Thanks! You've successfully subscribed to the BONEZONE®/OMTEC® Monthly eNewsletter!

Please take a moment to tell us more about yourself and help us keep unwanted emails out of your inbox.

Choose one or more mailing lists:
BONEZONE/OMTEC Monthly eNewsletter
OMTEC Conference Updates
Advertising/Sponsorship Opportunities
Exhibiting Opportunities
* Indicates a required field.

What Should Your Supply Chain Look Like in Five Years?

The supply chain, particularly the route from OEM to hospitals or surgery centers, has undergone greater scrutiny as all sides question ways to find efficiency in process and spend. Outcomes-based, data-driven decision making is expected to be the answer, playing a larger role in day-to-day supply chain management. This is not a discipline that every manufacturer possesses, nor can most manufacturers handle this shift on their own.

This was the underlying theme of an OMTEC 2016 panel discussion that brought experts together to discuss the ways that device company supply chains will operate in the future.

Question: What will the leading supply chains look like five years from now? 


RobinHooker web
Robin Hooker




There’s this notion that providers want to take control of freight and visibility, and management of transportation not being a hidden cost on top of product sourcing. We need to meet that need or at least alleviate the pressure being generated by that trend. Also, with the visibility component, you’re going to have a high degree of interconnectivity and also at the same time contingency resiliency—the ability to react to scenarios that drive a lot of trauma, such as has happened in Orlando or in Boston—you have a flexible network that pulls inventory and meets demand in key areas without a lot of unusual activity.

Firms will be leveraging UDI for non-standard, noncompliant types of solutions, so there will be better managed inventory and visibility through existing investments.

Over the next five years, a lot of redundancies will be carved out of the supply chain in order to end up with a system that is networked, has contingency built in and at the same time is borrowed from high tech and automotive and all the other fields to push down inventory levels with better visibility.

That doesn’t reside in one firm, but rather across multiples and it’s going to look networked and fabric-like, in terms of relationships.



James Kwan web
James Kwan
OPM Consulting



If you look back at automotive and even the electronics industry, one of the main points of competition for the Asian market, for Japan and China had been their relationships—their networks within their supply chains. They would leverage and streamline that and create consortiums among different component makers.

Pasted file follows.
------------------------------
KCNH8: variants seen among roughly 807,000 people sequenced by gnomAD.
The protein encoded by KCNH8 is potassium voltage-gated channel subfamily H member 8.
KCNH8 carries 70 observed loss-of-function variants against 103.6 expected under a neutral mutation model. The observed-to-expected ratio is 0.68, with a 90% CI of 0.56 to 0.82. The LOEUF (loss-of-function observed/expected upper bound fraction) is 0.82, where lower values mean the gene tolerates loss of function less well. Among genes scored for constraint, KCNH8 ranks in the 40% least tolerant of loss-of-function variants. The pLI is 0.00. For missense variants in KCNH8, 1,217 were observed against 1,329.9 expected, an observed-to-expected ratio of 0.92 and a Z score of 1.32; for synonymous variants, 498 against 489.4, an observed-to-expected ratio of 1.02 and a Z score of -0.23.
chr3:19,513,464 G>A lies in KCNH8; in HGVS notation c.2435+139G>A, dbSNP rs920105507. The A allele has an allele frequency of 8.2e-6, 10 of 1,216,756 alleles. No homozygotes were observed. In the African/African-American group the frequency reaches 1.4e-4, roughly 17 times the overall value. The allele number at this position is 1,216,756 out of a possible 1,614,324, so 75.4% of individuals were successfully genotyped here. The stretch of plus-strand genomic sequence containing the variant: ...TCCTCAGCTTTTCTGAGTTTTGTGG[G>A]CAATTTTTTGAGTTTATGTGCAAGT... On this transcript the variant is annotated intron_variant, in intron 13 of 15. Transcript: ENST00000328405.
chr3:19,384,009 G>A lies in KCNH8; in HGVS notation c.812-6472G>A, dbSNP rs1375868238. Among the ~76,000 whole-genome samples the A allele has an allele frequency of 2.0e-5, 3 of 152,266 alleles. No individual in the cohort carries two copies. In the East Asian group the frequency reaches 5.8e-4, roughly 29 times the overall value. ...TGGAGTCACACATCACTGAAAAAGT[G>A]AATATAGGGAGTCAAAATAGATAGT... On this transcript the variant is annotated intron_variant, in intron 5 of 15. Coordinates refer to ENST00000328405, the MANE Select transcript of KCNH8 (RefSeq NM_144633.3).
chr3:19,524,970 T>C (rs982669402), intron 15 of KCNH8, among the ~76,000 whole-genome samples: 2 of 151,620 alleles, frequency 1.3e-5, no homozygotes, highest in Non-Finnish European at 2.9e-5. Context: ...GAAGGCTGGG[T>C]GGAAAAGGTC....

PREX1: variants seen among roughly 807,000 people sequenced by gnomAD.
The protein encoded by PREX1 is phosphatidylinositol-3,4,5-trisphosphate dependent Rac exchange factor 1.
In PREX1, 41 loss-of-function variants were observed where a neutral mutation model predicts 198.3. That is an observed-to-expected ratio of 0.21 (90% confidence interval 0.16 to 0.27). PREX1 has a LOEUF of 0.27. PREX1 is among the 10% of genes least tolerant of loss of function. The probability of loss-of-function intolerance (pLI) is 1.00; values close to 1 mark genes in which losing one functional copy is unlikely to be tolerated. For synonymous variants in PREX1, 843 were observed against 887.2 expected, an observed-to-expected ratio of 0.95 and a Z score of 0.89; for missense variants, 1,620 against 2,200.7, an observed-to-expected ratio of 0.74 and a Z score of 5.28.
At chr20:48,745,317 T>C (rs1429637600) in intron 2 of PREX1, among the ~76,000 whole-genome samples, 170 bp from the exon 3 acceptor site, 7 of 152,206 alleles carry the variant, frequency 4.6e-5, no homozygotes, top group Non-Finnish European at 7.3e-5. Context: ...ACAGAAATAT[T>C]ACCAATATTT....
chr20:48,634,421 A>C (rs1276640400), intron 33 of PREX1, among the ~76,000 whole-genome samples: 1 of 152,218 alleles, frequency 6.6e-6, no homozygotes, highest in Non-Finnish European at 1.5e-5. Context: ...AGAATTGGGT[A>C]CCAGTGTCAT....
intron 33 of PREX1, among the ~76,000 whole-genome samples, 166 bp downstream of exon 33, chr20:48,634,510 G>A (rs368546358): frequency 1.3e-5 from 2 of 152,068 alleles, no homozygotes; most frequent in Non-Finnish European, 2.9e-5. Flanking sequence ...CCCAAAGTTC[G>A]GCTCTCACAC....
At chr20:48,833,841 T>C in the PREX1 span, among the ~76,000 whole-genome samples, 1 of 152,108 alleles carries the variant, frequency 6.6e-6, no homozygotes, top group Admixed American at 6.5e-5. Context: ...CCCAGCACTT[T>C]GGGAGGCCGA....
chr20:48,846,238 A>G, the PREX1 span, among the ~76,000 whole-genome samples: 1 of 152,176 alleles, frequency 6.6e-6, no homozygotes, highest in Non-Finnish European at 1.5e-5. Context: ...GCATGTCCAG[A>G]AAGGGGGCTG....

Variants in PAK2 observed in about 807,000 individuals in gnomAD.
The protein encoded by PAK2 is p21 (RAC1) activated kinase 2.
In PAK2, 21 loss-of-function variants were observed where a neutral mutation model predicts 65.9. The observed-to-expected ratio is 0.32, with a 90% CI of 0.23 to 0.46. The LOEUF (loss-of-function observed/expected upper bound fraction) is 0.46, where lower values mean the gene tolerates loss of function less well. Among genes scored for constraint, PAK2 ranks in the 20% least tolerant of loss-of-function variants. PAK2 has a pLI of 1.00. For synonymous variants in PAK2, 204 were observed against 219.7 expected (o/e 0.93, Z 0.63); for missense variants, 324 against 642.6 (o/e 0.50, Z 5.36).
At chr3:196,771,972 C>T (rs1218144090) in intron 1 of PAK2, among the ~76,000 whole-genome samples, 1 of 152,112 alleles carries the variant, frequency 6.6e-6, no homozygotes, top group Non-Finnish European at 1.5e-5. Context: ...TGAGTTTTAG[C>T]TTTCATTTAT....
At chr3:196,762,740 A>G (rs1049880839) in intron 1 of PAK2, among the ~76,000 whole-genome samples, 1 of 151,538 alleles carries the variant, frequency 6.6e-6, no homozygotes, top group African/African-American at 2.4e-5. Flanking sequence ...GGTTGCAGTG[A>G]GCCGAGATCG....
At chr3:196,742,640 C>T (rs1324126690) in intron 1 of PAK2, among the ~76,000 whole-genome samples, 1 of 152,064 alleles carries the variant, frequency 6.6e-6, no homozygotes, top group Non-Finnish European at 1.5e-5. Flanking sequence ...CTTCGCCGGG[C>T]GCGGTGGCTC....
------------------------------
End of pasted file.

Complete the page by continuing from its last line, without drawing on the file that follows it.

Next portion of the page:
It’s a little bit harder to do in our free enterprise system in the U.S., but we probably have to do that, especially the smaller- to mid-size companies, because the big five companies are dominating. They are leveraging third-party providers. [Smaller companies] almost need to have leverage in terms of scale by having a consortium or some sort of network that works for orthopaedics. Even generics could go to some sort of heavily regulated eBay or Amazon at some point for instrumentation and other products. Stranger things have happened.

There are disruptive trends and technologies out there that require both the contract manufacturers as well as the OEMs to be more nimble, and they have to learn from the past in terms of the electronics and automotive industry and how they dealt with and responded to changes.


Lars Rohrberg web

 Lars Rohrberg
Cardinal Health Inventory
Management Solutions


We’re going to see a greater recognition of manufacturers and providers that need each other to solve this. The shared data between the two parties is going to help drive this.

[A recent trend] is creating visibility to the data as to where the products are and also visibility into the actual true consumption, so that signal basically channels all the way back to the point of manufacture. 

(Mr. Rohrberg expounded upon this thought during the panel’s discussion on speeding the supply chain.)

You can’t manage a supply chain unless you actually know where the items are. If you leverage machine-readable codes, whether barcodes or RFID, you make it possible for those on the front line—the sales people— to have an efficient way to handle inventory management on a single, unified platform. That creates visibility for corporate, to show where the items are. Then when things go missing, because they do, you can know before the business day is over and can start tracking those things down. You can tell the sales rep, “I forgot; I transferred that in the hallway of the hospital, because there was an emergent case somewhere else.” They catch up on these records. You can’t catch up in December, because nobody will remember what happened; the item is just lost, and that’s a write-off.

That’s where things have to go.